Spending valuable management time with a “Closet Indexer” will have little impact on marginal additional purchases of stock.  Therefore, it is clearly very important for IROs to be able to identify the stock pickers with concentrated portfolios in order to achieve the most from their meetings.

The great exodus from equities?

Thanks to our friends at 2CG for highlighting the collapse in the levels of investments of European insurance and pension funds in quoted equities.  The bulls see this as confirmation of the wall of money sitting on the sidelines just waiting to get back into stocks.  But the worry is that some investors, particularly some insurance companies will not be back to the equity markets for some time at least.  The retail investor also appears to have capitulated.  Targeting the right investors might just be getting more difficult.



ECB’s latest data on asset allocation of Europe’s insurers

According to the ECB, the largest euro area insurers have been de-risking their balance sheets by reducing their exposure to equities and increasing their exposure to corporate and government bonds.  What is worrying about this chart is that it only shows the change from 2007 and 2008.  It will look much worse for equities when the 2009 data comes in!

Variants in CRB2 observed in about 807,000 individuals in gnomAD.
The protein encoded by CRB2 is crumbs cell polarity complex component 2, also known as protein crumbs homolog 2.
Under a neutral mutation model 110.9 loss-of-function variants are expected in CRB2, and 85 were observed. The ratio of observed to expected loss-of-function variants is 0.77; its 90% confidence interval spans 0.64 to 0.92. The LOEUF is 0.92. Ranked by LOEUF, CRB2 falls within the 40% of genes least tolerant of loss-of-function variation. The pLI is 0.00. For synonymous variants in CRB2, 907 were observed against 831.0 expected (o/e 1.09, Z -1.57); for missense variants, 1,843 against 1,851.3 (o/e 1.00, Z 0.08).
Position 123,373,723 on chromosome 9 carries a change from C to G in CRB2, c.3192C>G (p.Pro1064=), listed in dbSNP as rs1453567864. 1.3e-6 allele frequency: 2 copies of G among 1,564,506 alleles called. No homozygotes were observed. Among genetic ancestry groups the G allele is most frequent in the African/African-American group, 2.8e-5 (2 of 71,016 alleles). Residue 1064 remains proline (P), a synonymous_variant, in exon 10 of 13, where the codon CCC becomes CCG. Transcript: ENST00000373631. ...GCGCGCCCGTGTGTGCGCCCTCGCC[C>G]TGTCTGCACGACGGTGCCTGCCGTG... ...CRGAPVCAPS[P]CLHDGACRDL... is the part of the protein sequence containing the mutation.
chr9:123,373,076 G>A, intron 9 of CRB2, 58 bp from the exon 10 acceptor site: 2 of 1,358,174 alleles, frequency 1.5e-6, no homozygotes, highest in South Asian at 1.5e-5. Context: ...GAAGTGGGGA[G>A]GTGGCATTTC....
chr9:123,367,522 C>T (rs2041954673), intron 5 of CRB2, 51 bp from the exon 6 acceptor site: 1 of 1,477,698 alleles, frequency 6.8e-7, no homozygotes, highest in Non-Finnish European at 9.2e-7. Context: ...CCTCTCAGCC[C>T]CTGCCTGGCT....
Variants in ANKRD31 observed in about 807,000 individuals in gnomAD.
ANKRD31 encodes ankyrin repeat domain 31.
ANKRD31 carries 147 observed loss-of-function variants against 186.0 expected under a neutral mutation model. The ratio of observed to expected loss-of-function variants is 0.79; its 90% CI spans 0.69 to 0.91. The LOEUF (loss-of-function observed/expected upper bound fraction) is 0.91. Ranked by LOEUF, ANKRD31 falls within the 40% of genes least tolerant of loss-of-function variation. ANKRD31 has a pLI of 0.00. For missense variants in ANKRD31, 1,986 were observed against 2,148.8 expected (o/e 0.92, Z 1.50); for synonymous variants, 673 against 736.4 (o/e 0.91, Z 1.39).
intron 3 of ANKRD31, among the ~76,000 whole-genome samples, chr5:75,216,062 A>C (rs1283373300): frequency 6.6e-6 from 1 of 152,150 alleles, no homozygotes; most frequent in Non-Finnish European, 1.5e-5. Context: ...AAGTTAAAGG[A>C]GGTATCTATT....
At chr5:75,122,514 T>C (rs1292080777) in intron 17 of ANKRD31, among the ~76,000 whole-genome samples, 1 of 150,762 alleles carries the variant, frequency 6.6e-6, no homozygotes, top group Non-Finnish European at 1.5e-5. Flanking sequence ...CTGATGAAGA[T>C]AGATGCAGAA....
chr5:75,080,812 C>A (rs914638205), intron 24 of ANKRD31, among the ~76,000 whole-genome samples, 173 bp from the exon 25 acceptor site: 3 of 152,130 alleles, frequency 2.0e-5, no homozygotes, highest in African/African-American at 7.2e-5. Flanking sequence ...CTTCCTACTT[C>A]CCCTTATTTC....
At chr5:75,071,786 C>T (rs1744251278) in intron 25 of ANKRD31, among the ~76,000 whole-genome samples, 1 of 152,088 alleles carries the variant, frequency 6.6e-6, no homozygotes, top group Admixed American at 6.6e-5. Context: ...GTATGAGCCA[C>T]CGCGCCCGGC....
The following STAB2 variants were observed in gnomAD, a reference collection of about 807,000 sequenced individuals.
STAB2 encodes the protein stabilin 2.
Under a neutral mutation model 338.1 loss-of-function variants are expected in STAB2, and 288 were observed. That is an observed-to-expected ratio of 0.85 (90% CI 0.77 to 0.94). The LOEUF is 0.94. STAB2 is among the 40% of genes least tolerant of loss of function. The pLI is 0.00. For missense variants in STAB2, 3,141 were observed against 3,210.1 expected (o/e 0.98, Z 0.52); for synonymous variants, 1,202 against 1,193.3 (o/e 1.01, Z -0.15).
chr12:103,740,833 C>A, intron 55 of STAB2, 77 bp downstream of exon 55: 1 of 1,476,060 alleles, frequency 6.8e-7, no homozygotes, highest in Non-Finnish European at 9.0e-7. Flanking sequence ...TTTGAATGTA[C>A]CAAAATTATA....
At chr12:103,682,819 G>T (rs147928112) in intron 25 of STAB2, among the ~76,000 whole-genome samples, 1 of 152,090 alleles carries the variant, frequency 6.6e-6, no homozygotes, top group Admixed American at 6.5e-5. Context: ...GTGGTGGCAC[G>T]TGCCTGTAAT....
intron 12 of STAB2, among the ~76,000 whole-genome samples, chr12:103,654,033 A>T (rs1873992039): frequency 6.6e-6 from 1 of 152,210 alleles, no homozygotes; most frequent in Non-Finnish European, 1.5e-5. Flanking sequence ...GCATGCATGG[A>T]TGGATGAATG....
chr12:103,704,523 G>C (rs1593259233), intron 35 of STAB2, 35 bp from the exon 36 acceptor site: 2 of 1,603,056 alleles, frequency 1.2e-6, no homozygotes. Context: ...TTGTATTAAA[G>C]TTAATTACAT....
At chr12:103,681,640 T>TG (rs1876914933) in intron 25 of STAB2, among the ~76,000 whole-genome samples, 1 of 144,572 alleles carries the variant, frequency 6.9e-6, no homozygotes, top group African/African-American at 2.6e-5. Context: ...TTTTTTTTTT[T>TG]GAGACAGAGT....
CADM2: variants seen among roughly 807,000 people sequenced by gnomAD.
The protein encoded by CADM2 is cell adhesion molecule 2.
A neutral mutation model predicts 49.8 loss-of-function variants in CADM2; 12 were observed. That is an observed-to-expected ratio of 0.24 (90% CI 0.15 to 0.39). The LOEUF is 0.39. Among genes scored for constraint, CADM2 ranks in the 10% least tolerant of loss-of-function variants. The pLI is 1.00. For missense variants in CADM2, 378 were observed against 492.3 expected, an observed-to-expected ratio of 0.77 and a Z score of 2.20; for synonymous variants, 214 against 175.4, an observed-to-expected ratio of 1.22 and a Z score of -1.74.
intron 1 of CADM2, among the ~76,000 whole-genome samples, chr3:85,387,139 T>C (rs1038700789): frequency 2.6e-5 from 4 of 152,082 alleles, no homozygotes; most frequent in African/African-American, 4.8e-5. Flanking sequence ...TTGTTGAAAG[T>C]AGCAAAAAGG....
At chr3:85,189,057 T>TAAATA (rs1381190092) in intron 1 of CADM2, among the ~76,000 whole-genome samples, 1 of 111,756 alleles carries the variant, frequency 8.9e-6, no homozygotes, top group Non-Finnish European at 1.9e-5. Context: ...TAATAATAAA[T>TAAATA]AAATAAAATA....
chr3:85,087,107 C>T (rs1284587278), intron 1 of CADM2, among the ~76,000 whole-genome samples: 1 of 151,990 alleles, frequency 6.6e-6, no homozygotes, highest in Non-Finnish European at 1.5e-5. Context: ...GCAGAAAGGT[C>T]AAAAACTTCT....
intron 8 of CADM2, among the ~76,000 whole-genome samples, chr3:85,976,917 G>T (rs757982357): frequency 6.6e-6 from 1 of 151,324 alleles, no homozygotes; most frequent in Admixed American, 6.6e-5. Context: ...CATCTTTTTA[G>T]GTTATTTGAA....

Plus ça change, plus c’est la même chose – “The more it changes, the more it’s the same thing.”

A great deal has changed in the IR world over the last 15 years but we were surprised how much remains the same when our long-time client Mark Steinkrauss stumbled over an article from 1991 discussing European IR for U.S. companies.  The article (see below) highlights the difficultly in indentifying shareholders beyond the meager public filing information and the lack of European sell-side research coverage of U.S. stocks.  Interestingly enough, our biennial European Stock ID survey, according to the article, only identified around 50 UK and European funds holding U.S. stocks in those days.

Today we often identify more than 400 institutional holders of U.S. stocks in our biennial surveys, and it’s not unusual to find 10 – 15% of a company’s capital held by European investors. The one other major change has been the distribution of materials which was by post or fax in those pre-internet days.  Although the European single market has developed considerably, for IROs it remains a series of separate markets in many ways.

The article can be found here.